Saturday, April 8, 2017

Statistical Errors in the Medical Literature

As Doug Altman famously wrote in his Scandal of Poor Medical Research in BMJ in 1994, the quality of how statistical principles and analysis methods are applied in medical research is quite poor.  According to Doug and to many others such as Richard Smith, the problems have only gotten worse.  The purpose of this blog article is to contain a running list of new papers in major medical journals that are statistically problematic, based on my random encounters with the literature.

One of the most pervasive problems in the medical literature (and in other subject areas) is misuse and misinterpretation of p-values as detailed here, and chief among these issues is perhaps the absence of evidence is not evidence of absence error written about so clearly by Altman and Bland.   The following thought will likely rattle many biomedical researchers but I've concluded that most of the gross misinterpretation of large p-values by falsely inferring that a treatment is not effective is caused by (1) the investigators not being brave enough to conclude "We haven't learned anything from this study", i.e., they feel compelled to believe that their investments of time and money must be worth something, (2) journals accepting such papers without demanding a proper statistical interpretation in the conclusion.  One example of proper wording would be "This study rules out, with 0.95 confidence, a reduction in the odds of death that is more than by a factor of 2."  Ronald Fisher, when asked how to interpret a large p-value, said "Get more data."

Adoption of Bayesian methods would solve many problems including this one.  Whether a p-value is small or large a Bayesian can compute the posterior probability of similarity of outcomes of two treatments (e.g., Prob(0.85 < odds ratio < 1/0.85)), and the researcher will often find that this probability is not large enough to draw a conclusion of similarity.  On the other hand, what if even under a skeptical prior distribution the Bayesian posterior probability of efficacy were 0.8 in a "negative" trial?  Would you choose for yourself the standard therapy when it had a 0.2 chance of being better than the new drug? [Note: I am not talking here about regulatory decisions.]  Imagine a Bayesian world where it is standard to report the results for the primary endpoint using language such as:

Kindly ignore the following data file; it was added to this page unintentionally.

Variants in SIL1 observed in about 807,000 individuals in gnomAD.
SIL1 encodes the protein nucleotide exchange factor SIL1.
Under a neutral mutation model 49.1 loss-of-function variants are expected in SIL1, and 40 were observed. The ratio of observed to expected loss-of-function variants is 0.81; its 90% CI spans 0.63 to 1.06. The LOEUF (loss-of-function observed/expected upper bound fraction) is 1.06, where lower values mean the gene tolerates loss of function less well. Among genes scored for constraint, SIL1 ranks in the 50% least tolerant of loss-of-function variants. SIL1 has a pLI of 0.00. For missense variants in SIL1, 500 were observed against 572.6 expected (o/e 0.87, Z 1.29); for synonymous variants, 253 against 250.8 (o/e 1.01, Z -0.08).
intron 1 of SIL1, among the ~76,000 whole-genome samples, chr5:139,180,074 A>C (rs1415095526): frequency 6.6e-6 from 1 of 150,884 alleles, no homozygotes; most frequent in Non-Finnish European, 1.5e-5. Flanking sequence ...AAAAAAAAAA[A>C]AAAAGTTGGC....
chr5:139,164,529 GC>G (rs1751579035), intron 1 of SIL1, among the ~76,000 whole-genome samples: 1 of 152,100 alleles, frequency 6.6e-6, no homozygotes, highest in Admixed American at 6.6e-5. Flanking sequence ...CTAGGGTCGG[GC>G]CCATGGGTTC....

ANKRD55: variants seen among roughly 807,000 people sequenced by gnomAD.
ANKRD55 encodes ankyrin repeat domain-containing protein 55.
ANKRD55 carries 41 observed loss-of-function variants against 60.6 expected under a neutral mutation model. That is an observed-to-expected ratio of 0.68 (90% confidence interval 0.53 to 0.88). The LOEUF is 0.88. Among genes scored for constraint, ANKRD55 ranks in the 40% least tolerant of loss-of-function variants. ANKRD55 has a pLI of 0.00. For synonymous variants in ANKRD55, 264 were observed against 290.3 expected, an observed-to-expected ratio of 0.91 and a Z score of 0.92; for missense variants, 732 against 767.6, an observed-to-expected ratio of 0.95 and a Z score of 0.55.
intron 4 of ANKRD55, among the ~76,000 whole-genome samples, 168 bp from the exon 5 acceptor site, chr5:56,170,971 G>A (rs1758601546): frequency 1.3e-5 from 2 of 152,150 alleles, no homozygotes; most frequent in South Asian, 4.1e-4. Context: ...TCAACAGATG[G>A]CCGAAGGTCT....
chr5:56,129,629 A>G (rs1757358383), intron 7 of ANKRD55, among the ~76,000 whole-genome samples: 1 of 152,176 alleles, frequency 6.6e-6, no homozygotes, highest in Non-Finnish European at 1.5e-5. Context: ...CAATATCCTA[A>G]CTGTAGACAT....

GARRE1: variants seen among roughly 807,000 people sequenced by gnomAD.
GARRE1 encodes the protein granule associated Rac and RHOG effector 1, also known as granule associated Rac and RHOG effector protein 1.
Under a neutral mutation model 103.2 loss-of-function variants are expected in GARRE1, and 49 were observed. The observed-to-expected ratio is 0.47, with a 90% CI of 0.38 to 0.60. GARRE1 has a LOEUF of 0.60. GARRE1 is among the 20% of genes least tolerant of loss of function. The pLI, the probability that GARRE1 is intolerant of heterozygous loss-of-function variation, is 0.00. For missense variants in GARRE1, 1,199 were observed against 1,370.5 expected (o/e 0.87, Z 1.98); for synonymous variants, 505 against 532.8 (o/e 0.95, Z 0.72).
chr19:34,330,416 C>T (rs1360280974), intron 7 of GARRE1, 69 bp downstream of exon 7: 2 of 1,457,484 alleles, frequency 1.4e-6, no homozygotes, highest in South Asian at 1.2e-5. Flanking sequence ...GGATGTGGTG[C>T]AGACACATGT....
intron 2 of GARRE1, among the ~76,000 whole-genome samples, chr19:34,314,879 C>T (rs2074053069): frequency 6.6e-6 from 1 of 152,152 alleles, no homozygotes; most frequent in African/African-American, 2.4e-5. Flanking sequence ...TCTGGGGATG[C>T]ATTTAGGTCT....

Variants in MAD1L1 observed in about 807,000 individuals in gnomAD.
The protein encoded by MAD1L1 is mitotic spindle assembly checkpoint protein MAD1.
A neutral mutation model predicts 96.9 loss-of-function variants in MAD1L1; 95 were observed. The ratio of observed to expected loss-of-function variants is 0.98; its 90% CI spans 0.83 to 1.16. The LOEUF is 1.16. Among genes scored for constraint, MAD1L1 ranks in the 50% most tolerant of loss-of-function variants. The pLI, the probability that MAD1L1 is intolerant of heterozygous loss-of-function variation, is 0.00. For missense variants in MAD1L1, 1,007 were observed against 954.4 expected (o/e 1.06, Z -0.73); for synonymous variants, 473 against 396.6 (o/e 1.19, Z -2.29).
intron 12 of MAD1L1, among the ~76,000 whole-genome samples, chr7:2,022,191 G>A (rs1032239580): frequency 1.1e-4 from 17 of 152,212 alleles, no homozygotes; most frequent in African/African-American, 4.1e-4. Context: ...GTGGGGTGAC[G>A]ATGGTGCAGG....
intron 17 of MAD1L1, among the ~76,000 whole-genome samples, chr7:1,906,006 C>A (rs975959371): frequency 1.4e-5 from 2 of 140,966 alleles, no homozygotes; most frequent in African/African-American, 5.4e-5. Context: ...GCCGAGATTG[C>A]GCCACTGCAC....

• The probability of any efficacy is 0.94 (so the probability of non-efficacy is 0.06).
  • The probability of efficacy greater than a factor of 1.2 is 0.78 (odds ratio < 1/1.2).
  • The probability of similarity to within a factor of 1.2 is 0.3.
  • The probability that the true odds ratio is between [0.6, 0.99] is 0.95 (credible interval; doesn't use the long-run tendency of confidence intervals to include the true value for 0.95 of confidence intervals computed).

In a so-called "negative" trial we frequently see the phrase "treatment B was not significantly different from treatment A" without thinking out how little information that carries.  Was the power really adequate? Is the author talking about an observed statistic (probably yes) or the true unknown treatment effect?  Why should we care more about statistical significance than clinical significance?  The phrase "was not significantly different" seems to be a way to avoid the real issues of interpretation of large p-values.

Since my #1 area of study is statistical modeling, especially predictive modeling, I pay a lot of attention to model development and model validation as done in the medical literature, and I routinely encounter published papers where the authors do not have basic understanding of the statistical principles involved.  This seems to be especially true when a statistician is not among the paper's authors.  I'll be commenting on papers in which I encounter statistical modeling, validation, or interpretation problems.

Misinterpration of P-values and of Main Study Results

One of the most problematic examples I've seen is in the March 2017 paper Levosimendan in Patients with Left Ventricular Dysfunction Undergoing Cardiac Surgery by Rajenda Mehta in the New England Journal of Medicine.  The study was designed to detect a miracle - a 35% relative odds reduction with drug compared to placebo, and used a power requirement of only 0.8 (type II error a whopping 0.2).  [The study also used some questionable alpha-spending that Bayesians would find quite odd.]  For the primary endpoint, the adjusted odds ratio was 1.00 with 0.99 confidence interval [0.66, 1.54] and p=0.98.  Yet the authors concluded "Levosimendan was not associated with a rate of the composite of death, renal-replacement therapy, perioperative myocardial infarction, or use of a mechanical cardiac assist device that was lower than the rate with placebo among high-risk patients undergoing cardiac surgery with the use of cardiopulmonary bypass."   Their own data are consistent with a 34% reduction (as well as a 54% increase)!  Almost nothing was learned from this underpowered study.  It may have been too disconcerting for the authors and the journal editor to have written "We were only able to rule out a massive benefit of drug."  [Note: two treatments can have agreement in outcome probabilities by chance just as they can have differences by chance.]  It would be interesting to see the Bayesian posterior probability that the true unknown odds ratio is in [0.85, 1/0.85].